Stephen Buckley, Head of Information at Mind, told The Big Issue: “The most important thing is to speak to someone you trust, like a family member or friend as by talking about mental health we can help aid recovery, break down stereotypes and improve relationships.”
Among the rising mental health problems affecting young people is self-harm.
An average of 10 children aged nine to twelve are admitted into hospital each week because of self-injury, according to a recent BBC investigation for File on 4. In this age group, self-harm admissions were twice as high for girls than for boys.
Holmes said the last time she self-harmed was the day her mother died three years ago.
“I realised she wasn’t going to come back and help me, and that me self-harming wasn’t going to help bring her back or help me.
“It was awful. I suffered bereavement for a long time. It took a lot of time and talking to people, making sure my friends knew I needed them to be around”, she said.
Professor Keith Hawton, one of the leading experts on self-harm in the UK, said that young women are particularly at risk of developing mental health problems.
“We also know that there’s been an increase in mental health problems in young people and there’s been a particular increase in anxiety disorders, particularly in females, and also eating disorders, which are quite closely associated with self-harm, including self-injury”, he told The Big issue.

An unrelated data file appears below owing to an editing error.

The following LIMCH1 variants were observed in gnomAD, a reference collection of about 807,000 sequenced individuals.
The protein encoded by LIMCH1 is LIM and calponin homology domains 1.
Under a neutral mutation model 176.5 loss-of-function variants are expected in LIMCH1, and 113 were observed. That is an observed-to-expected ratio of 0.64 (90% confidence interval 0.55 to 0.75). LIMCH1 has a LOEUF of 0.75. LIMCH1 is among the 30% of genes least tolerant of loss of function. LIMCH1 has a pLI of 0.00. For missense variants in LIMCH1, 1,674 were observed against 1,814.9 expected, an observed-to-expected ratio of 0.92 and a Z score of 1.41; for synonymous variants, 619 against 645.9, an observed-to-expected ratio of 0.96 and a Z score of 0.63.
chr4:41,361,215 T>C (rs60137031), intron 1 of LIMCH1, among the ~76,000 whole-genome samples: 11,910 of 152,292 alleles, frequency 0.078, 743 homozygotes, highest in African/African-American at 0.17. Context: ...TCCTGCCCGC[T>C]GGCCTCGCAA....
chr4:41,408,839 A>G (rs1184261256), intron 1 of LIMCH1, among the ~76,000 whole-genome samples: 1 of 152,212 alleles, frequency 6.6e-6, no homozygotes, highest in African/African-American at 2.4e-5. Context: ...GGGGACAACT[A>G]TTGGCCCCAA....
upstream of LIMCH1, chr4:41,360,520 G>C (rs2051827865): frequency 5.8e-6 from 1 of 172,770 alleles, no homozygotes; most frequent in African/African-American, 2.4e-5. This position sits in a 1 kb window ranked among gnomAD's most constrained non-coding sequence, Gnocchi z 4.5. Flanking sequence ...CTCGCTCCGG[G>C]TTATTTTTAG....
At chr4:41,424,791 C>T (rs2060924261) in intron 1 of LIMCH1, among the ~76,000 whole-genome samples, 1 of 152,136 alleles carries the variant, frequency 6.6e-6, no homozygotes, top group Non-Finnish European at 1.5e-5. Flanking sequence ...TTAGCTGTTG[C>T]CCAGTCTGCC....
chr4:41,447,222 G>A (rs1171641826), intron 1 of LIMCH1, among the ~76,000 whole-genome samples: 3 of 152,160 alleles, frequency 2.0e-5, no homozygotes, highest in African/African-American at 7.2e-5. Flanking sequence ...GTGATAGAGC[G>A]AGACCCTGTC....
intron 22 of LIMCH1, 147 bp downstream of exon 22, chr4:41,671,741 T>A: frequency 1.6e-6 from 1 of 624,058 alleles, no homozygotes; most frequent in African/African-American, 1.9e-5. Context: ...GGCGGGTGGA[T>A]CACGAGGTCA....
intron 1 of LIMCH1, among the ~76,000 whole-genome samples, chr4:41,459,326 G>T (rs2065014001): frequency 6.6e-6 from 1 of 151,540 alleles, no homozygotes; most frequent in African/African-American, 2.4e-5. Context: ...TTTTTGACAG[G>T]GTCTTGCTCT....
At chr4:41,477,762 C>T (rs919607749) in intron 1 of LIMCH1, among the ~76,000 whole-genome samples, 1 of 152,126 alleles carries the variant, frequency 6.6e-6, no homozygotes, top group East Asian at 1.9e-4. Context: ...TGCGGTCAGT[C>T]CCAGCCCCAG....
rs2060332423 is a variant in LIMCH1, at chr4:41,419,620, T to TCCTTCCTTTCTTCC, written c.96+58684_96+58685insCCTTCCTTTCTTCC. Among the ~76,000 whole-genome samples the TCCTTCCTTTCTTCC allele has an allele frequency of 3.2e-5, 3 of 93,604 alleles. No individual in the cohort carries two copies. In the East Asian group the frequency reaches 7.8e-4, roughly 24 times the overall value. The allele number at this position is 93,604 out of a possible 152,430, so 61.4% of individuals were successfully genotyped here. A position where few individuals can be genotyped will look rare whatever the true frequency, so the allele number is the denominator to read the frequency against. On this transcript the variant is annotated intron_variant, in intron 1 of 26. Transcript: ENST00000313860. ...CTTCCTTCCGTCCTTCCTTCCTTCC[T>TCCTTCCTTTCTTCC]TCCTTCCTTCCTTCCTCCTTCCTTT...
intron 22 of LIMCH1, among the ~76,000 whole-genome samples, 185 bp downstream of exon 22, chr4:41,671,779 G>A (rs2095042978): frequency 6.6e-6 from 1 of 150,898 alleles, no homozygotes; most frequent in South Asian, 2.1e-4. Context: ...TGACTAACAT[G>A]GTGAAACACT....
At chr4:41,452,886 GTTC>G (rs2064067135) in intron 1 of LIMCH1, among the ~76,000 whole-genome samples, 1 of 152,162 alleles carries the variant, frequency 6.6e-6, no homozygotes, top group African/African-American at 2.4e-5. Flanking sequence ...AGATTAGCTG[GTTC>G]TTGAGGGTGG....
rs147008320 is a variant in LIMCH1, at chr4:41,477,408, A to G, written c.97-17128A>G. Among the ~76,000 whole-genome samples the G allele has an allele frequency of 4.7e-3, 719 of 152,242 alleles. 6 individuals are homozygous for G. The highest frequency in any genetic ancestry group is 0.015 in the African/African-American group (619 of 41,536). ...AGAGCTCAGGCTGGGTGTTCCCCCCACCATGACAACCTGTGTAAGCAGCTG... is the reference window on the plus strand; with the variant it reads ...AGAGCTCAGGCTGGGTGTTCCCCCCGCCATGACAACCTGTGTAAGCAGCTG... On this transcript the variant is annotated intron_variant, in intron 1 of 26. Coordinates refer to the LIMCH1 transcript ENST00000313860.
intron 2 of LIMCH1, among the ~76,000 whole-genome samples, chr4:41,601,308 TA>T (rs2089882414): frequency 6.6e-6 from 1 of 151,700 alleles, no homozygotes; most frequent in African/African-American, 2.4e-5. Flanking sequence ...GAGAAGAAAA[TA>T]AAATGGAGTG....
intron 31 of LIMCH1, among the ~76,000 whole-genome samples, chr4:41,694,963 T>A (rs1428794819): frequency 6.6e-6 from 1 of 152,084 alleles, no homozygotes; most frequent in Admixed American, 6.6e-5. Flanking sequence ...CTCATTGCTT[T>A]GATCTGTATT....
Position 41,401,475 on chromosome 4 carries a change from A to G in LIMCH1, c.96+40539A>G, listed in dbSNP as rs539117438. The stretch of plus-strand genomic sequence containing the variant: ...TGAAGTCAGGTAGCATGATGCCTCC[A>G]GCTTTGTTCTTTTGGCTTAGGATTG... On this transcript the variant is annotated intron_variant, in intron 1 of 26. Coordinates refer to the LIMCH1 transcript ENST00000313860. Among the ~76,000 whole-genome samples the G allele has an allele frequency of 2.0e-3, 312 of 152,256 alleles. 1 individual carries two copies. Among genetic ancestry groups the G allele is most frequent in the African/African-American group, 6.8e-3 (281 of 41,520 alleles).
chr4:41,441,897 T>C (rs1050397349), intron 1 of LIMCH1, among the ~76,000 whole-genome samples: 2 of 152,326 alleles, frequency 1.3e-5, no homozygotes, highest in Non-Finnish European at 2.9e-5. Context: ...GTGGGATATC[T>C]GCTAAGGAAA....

Speaking to The Big Issue for the latest Letter To My Younger Self interview, Dame Kelly Holmes said she believed talking to people about mental health is important for recovery and that “believing in yourself is so powerful”.
“I would love to tell my younger self, when she was going through it that she would be OK. I’d tell her to talk to people.
“It takes a lot to pluck up the courage to say I need help”, she said.
The charity Mind said that celebrities have an important role to play in discussions surrounding mental health.
Stephen Buckley, Head of Information at Mind, told The Big Issue: “When celebrities, like Dame Kelly Holmes, speak out about their own mental health problems, it can actually help inspire others to do the same.
“In fact, our research found that 25 per cent of people said hearing a celebrity talk openly about their own mental health had inspired them to seek help or get support for themselves.
“In turn, over a third of those asked said seeing celebrity mental health stories had prompted them to start a conversation with a friend or loved one about mental health.
“This shows how the power of celebrity can serve as a real force for change for how we all think and act about mental health problems”.